Stephen Strasburg, meet Karl Spooner, who might have become one of the all-time greats.

Karl Spooner made his Major League debut on Sept. 22, 1954, shutting out the soon-to-be World Champion New York Giants.

The Brooklyn Dodgers young left-hander struck out 15 Giants to set the strikeout record for a major league pitching debut, which J.R. Richard equaled a few years later.

In his next and final start of the 1954 season, Spooner shut out the Pirates, striking out 12, to set the record of 27 strikeouts by a pitcher in his first two games.

Brooklyn fans shouted, “Spooner should have come up sooner.”

The Greatest Young Pitcher Roy Campanella Had Ever Seen

Roy Campanella, the great Brooklyn catcher, didn’t mince words.

“He’s the greatest young pitcher I’ve ever seen.”

Plagued by control problems, Spooner finally overcame them, thanks to a knee injury.

While pitching at Fort Worth in June 1954, he hurt his knee while playing pepper. At that point in the season, he had already walked 112 batters.

The knee injury kept Spooner out for two weeks and when he returned, he was forced to pitch without a windup and with a shortened stride, which improved his control greatly.

Karl won 21 games and set a strikeout record, fanning 262 batters before joining the Dodgers at the end of the season.

In November 1954, Brooklyn’s 23-year-old left-handed rookie pitching sensation had surgery on his right knee.

Sometimes, a knee injury can lead to a change in pitching motion, which can lead to arm problems.

They Can Never Take Those Away

During spring training in 1955, Spooner told reporters that his knee wasn’t too strong. He claimed that his increased weight of 192 lbs wouldn’t affect his performance.

When reporters reminded Spooner that he had pitched two shutouts in his only two starts and that eventually a team would score against him, Spooner’s reply was always, “But I’ve always got those two big ones on my record. They can never take those away from me.”

Spooner Pitched Well

During the 1955 season, Spooner worked both as a reliever and starter.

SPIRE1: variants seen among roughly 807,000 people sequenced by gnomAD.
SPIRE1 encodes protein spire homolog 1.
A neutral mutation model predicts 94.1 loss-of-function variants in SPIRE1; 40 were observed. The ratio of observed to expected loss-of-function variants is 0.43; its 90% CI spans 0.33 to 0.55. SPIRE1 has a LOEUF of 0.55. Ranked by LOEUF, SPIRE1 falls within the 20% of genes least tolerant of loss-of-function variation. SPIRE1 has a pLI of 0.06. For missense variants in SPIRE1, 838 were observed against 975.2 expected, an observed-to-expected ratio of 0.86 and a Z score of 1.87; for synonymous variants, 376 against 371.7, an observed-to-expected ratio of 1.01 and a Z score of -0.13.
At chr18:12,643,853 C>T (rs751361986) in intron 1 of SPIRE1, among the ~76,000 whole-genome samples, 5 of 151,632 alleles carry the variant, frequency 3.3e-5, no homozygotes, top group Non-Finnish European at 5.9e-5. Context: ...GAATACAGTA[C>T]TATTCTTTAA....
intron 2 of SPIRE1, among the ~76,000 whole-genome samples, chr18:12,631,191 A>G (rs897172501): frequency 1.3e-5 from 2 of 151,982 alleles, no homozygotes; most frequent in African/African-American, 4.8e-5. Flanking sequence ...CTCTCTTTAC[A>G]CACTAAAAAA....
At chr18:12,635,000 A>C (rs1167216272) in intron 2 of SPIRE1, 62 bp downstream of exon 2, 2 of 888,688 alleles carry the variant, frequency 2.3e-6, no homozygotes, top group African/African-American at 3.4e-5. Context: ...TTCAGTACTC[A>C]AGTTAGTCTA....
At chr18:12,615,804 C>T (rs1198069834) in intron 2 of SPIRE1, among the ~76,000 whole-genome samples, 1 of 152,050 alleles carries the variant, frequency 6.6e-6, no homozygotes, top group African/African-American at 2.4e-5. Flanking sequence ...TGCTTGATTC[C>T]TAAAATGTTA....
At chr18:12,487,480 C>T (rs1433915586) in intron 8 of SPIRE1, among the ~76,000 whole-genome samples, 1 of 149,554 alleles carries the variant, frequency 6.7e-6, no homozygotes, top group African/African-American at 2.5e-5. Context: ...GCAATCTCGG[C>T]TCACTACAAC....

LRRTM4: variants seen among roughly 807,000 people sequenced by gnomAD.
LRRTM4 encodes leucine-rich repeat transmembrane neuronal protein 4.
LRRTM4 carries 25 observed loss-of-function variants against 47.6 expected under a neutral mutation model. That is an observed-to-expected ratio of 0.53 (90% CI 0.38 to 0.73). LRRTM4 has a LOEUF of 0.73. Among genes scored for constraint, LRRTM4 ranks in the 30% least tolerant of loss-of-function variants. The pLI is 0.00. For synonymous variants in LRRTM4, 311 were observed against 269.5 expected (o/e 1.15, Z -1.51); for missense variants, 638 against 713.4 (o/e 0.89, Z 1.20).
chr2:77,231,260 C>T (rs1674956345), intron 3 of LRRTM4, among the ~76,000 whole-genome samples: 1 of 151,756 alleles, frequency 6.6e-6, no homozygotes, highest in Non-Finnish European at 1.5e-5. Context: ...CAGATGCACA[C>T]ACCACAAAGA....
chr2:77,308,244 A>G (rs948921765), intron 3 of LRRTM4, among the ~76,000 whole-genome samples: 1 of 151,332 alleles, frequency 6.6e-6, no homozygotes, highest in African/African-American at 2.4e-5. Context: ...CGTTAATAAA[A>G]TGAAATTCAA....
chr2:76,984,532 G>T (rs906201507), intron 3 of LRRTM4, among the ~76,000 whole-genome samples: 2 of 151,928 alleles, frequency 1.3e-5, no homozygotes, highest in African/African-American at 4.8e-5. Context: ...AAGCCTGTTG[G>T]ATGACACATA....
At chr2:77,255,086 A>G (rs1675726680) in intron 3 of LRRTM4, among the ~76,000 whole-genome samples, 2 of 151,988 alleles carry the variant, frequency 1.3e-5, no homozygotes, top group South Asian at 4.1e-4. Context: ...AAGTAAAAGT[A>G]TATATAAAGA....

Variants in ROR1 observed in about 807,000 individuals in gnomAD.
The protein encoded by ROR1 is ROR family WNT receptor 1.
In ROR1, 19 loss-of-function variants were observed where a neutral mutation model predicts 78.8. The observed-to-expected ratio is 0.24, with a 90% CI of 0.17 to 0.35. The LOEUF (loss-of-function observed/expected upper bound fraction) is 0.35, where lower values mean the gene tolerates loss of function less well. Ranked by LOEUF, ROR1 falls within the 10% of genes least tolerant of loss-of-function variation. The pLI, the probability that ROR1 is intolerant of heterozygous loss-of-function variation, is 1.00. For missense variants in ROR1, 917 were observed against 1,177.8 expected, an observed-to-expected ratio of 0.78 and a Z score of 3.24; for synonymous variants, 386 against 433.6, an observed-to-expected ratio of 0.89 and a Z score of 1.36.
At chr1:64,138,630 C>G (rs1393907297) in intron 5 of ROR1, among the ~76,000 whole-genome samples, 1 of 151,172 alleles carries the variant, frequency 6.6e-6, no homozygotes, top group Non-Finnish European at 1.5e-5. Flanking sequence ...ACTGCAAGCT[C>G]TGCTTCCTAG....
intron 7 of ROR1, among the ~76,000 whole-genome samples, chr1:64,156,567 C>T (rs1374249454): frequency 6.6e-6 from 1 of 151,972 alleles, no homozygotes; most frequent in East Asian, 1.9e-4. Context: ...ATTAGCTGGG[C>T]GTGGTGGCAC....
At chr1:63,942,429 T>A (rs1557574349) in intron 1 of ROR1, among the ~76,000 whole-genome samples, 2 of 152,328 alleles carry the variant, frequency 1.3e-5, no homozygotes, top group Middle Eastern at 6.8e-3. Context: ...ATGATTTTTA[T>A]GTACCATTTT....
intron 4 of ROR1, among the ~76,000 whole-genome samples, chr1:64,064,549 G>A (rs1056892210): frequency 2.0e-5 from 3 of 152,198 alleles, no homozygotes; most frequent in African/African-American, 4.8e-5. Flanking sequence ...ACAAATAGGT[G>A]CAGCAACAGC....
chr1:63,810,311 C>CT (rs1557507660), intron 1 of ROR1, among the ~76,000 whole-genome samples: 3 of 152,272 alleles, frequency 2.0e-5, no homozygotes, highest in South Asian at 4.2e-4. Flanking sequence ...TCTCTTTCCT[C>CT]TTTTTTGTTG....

On August 29, he pitched a gem, beating the Cardinals, 6-1, as he allowed only six hits while striking out nine and walking one.

In his next start, Spooner shut out the Pirates, but he struck out only three batters. Brooklyn easily won the pennant and faced their friends, the New York Yankees, in the World Series.

Last Major League Start

Brooklyn, which had never won the World Series, won three of the first five games.

Twenty-game winner Don Newcombe was scheduled to start the sixth game, but he was hurt and tired.

Spooner started instead and was knocked out in a five-run Yankees first inning.

The Yankees won the game, but Brooklyn won the next day for its only World Championship. It was Spooner’s last major league start.

Spooner’s Sore Arm

Karl Spooner never became what he could have been. He had a sore arm during spring training in 1956 and never pitched another game in the major leagues.

It makes one wonder what would have happened if the medical advances that have occurred during the last 50 years had been available for Spooner.


  • McGowen, Roscoe. “Spooner Hurls First Time Since Surgery on His Knee.” New York Times . 6 March 1955, p. S1
  • Daley, Arthur. “Better Late Than Never.” New York Times. 18 March 1955, p.36.
  • McGowen,Roscoe. “Dodgers, Behind Spooner, Vanquish Cardinals.” New York Times. 29 August 1955, p.13.
  • McGowen, Roscoe. “Dodgers’ Spooner Blanks Pirates;; BROOKS WIN BY 2-0 ON SNIDER’S HOMER He Gets No. 41 With Reese Aboard in Sixth — Spooner Achieves First Shutout.” New York Times . 3 September 1955, p.11.

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